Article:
Humans have a much more direct impact on weather than you’d think. The huge number of commuters pouring into cities during the week actually makes them warmer and shifts local wind, rain, and cloud patters, a new study found.
During the week, all the people, cars, and operating buildings in cities pour out a lot of heat into the environment. Recently, Nick Earl at the University of Melbourne, Australia found that you can actually tell if it’s a workday or the weekend by the average temperature. Based on more than 50 years’ worth of recordings from Australia’s Bureau of Meteorology, Earl and his team showed that morning temperatures in Melbourne are typically 0.3 degrees C hotter on Thursday or Friday than on a Sunday.
“That’s just the average,” he says. “Some days will heat up more, if for example there isn’t much wind.”
It’s not surprising, given that the city sees some 250,000 extra people and heavy traffic every weekday compared to the weekends. All the air conditioning in office buildings also plays a part. This weekly cycle caught Earl’s eye in the first place.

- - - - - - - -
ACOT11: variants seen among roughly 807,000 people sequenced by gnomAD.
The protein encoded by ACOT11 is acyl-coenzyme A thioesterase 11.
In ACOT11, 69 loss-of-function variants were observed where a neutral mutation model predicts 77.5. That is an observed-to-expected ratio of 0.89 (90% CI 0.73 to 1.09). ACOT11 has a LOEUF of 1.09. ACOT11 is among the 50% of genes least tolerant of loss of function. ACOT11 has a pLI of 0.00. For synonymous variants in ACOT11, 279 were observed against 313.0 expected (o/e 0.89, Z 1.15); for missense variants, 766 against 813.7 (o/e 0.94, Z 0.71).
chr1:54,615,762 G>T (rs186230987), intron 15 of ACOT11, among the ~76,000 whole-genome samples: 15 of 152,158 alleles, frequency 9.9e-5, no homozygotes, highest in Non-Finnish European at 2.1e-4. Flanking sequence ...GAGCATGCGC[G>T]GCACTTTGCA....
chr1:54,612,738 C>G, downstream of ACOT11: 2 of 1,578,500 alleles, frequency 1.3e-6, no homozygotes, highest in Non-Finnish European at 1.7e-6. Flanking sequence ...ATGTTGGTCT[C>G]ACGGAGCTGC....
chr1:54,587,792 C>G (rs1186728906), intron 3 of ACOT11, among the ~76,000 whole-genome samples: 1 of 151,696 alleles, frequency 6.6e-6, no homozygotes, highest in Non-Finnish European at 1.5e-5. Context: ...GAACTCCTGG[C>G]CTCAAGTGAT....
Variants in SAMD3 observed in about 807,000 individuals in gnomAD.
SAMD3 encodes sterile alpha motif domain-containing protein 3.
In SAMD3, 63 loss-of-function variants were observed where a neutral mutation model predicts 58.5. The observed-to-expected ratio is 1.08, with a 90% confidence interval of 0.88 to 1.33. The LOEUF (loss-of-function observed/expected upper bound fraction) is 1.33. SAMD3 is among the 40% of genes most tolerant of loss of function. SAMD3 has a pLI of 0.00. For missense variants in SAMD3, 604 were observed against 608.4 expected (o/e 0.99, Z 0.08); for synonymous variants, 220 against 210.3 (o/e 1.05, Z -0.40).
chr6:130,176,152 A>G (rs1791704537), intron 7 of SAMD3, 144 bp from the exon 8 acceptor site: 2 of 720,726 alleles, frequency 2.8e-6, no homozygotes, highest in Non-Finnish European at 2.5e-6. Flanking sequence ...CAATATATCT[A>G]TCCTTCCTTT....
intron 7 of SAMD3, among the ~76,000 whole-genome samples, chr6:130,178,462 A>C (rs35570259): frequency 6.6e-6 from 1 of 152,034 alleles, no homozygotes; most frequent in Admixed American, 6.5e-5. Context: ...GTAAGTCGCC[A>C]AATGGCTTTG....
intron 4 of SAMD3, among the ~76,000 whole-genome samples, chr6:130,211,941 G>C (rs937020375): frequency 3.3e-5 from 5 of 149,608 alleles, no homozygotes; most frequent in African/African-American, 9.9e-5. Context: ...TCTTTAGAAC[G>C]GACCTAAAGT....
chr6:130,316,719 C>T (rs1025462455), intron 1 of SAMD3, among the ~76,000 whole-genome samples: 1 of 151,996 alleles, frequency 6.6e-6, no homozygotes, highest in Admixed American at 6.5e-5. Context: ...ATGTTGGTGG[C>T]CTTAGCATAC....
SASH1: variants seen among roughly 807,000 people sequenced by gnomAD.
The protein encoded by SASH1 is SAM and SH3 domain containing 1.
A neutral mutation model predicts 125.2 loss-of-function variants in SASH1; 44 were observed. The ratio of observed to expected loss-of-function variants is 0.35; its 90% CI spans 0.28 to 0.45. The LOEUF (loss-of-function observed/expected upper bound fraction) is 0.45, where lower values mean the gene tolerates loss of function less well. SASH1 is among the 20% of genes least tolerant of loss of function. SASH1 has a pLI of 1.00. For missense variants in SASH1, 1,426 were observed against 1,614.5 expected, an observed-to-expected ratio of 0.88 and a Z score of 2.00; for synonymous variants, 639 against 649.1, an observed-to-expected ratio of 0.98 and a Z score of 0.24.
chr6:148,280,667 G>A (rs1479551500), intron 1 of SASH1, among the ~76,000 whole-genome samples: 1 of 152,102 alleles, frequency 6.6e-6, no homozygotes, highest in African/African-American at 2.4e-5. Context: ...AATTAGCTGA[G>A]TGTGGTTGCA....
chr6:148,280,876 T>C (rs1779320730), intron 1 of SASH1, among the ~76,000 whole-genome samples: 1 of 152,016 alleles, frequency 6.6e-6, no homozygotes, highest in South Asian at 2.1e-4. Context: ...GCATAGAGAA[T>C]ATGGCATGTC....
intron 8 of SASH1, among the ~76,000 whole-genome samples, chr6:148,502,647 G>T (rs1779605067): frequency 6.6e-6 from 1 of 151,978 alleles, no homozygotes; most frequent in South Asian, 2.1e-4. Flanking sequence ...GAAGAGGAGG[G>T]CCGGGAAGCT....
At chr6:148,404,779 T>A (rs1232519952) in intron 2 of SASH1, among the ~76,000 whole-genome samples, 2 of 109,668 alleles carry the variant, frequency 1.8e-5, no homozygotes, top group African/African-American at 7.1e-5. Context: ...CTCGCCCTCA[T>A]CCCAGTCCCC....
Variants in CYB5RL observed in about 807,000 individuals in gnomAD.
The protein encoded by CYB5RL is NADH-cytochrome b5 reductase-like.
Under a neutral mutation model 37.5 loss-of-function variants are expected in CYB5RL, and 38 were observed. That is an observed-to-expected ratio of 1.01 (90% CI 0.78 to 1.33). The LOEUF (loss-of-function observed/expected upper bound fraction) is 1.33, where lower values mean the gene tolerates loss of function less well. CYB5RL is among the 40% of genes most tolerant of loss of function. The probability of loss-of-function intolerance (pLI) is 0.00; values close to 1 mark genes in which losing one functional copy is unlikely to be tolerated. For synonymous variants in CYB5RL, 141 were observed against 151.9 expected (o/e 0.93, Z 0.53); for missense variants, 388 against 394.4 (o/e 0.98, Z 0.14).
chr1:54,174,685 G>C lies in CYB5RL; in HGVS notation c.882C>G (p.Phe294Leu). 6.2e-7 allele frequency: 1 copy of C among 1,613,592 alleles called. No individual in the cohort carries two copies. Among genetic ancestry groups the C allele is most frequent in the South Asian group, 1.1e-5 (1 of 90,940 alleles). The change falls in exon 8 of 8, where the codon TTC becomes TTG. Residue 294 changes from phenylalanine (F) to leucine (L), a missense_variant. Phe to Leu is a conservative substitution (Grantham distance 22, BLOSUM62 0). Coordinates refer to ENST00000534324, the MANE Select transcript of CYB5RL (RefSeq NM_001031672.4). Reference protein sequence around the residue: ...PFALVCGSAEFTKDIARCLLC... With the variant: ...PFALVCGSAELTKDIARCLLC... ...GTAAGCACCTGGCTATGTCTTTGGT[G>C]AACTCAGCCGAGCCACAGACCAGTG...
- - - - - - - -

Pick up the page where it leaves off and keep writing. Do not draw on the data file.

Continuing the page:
“Nothing in nature occurs on a weekly cycle, so it must be due to human activity.”
Earl and his team have shown that Sydney, Brisbane, and Adelaide have similar weekly temperature cycles. Tokyo or Moscow also show the same cyclicity. Other weather phenomena, such as wind speeds, precipitation, and cloud cover also tend to be greater in urban centers during the week. These are effects of higher heat and pollution levels, Earl says.
“For example, warmer temperatures in the city create convection, which can suck in more air from outside, affecting wind speeds and direction,” he added.
Knowing how human activity impacts weather and average temperatures can help adapt to freak weather patterns and save lives. This can become especially useful in hot areas or countries, such as Australia, where heatwaves can claim the lives of a lot of people.
“For example, during heatwaves, you could ban cars from the city so that it doesn’t warm up as much.”
It could also help urban planners counteract the effect, for example by requiring roofing to be made of deflecting material which can cool down cities.
The paper will be presented at the annual conference of the Australian Meteorological and Oceanographic Society in Canberra next month.